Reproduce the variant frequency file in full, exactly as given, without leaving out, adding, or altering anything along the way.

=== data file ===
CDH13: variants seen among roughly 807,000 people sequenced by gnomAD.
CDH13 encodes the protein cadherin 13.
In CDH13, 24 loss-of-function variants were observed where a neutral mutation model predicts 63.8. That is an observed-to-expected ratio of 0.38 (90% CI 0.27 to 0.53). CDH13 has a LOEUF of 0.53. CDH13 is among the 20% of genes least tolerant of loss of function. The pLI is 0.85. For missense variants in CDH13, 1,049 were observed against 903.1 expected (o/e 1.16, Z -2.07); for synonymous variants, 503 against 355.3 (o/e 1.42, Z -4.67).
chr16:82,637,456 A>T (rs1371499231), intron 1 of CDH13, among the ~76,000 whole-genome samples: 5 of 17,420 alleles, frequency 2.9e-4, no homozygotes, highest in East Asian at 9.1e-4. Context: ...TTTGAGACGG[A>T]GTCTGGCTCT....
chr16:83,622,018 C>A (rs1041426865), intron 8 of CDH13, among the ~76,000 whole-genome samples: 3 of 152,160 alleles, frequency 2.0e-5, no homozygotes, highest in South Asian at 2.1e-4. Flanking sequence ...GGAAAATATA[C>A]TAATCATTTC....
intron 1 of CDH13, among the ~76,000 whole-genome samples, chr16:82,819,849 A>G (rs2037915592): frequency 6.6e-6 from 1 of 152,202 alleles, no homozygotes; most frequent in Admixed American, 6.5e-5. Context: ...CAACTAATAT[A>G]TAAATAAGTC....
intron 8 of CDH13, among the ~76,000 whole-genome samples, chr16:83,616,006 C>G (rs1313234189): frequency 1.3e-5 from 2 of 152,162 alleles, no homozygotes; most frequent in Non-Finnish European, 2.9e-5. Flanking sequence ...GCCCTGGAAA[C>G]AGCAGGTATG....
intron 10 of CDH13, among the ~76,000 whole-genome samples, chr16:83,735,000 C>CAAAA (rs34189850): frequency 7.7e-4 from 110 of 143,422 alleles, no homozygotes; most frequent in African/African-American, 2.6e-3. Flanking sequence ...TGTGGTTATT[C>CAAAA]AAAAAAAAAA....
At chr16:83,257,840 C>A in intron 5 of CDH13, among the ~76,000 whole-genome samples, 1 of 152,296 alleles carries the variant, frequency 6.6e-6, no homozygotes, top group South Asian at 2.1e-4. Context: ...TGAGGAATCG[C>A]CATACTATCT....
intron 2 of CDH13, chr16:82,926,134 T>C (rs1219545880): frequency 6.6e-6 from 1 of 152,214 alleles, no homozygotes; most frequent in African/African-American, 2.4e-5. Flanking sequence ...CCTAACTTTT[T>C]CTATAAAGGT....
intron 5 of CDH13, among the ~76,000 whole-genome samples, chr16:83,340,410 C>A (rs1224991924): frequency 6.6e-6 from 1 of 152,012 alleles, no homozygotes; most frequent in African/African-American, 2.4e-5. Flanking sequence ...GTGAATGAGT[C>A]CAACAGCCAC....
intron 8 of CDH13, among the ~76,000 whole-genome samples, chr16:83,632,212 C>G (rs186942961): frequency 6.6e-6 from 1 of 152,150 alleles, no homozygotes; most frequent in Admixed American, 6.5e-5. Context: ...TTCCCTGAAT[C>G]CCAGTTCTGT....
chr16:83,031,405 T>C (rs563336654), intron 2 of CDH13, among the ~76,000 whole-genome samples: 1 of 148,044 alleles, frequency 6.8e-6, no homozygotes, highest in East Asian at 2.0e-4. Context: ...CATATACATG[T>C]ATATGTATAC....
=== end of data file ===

CDH13: variants seen among roughly 807,000 people sequenced by gnomAD.
CDH13 encodes the protein cadherin 13.
In CDH13, 24 loss-of-function variants were observed where a neutral mutation model predicts 63.8. That is an observed-to-expected ratio of 0.38 (90% CI 0.27 to 0.53). CDH13 has a LOEUF of 0.53. CDH13 is among the 20% of genes least tolerant of loss of function. The pLI is 0.85. For missense variants in CDH13, 1,049 were observed against 903.1 expected (o/e 1.16, Z -2.07); for synonymous variants, 503 against 355.3 (o/e 1.42, Z -4.67).
chr16:82,637,456 A>T (rs1371499231), intron 1 of CDH13, among the ~76,000 whole-genome samples: 5 of 17,420 alleles, frequency 2.9e-4, no homozygotes, highest in East Asian at 9.1e-4. Context: ...TTTGAGACGG[A>T]GTCTGGCTCT....
chr16:83,622,018 C>A (rs1041426865), intron 8 of CDH13, among the ~76,000 whole-genome samples: 3 of 152,160 alleles, frequency 2.0e-5, no homozygotes, highest in South Asian at 2.1e-4. Flanking sequence ...GGAAAATATA[C>A]TAATCATTTC....
intron 1 of CDH13, among the ~76,000 whole-genome samples, chr16:82,819,849 A>G (rs2037915592): frequency 6.6e-6 from 1 of 152,202 alleles, no homozygotes; most frequent in Admixed American, 6.5e-5. Context: ...CAACTAATAT[A>G]TAAATAAGTC....
intron 8 of CDH13, among the ~76,000 whole-genome samples, chr16:83,616,006 C>G (rs1313234189): frequency 1.3e-5 from 2 of 152,162 alleles, no homozygotes; most frequent in Non-Finnish European, 2.9e-5. Flanking sequence ...GCCCTGGAAA[C>G]AGCAGGTATG....
intron 10 of CDH13, among the ~76,000 whole-genome samples, chr16:83,735,000 C>CAAAA (rs34189850): frequency 7.7e-4 from 110 of 143,422 alleles, no homozygotes; most frequent in African/African-American, 2.6e-3. Flanking sequence ...TGTGGTTATT[C>CAAAA]AAAAAAAAAA....
At chr16:83,257,840 C>A in intron 5 of CDH13, among the ~76,000 whole-genome samples, 1 of 152,296 alleles carries the variant, frequency 6.6e-6, no homozygotes, top group South Asian at 2.1e-4. Context: ...TGAGGAATCG[C>A]CATACTATCT....
intron 2 of CDH13, chr16:82,926,134 T>C (rs1219545880): frequency 6.6e-6 from 1 of 152,214 alleles, no homozygotes; most frequent in African/African-American, 2.4e-5. Flanking sequence ...CCTAACTTTT[T>C]CTATAAAGGT....
intron 5 of CDH13, among the ~76,000 whole-genome samples, chr16:83,340,410 C>A (rs1224991924): frequency 6.6e-6 from 1 of 152,012 alleles, no homozygotes; most frequent in African/African-American, 2.4e-5. Flanking sequence ...GTGAATGAGT[C>A]CAACAGCCAC....
intron 8 of CDH13, among the ~76,000 whole-genome samples, chr16:83,632,212 C>G (rs186942961): frequency 6.6e-6 from 1 of 152,150 alleles, no homozygotes; most frequent in Admixed American, 6.5e-5. Context: ...TTCCCTGAAT[C>G]CCAGTTCTGT....
chr16:83,031,405 T>C (rs563336654), intron 2 of CDH13, among the ~76,000 whole-genome samples: 1 of 148,044 alleles, frequency 6.8e-6, no homozygotes, highest in East Asian at 2.0e-4. Context: ...CATATACATG[T>C]ATATGTATAC....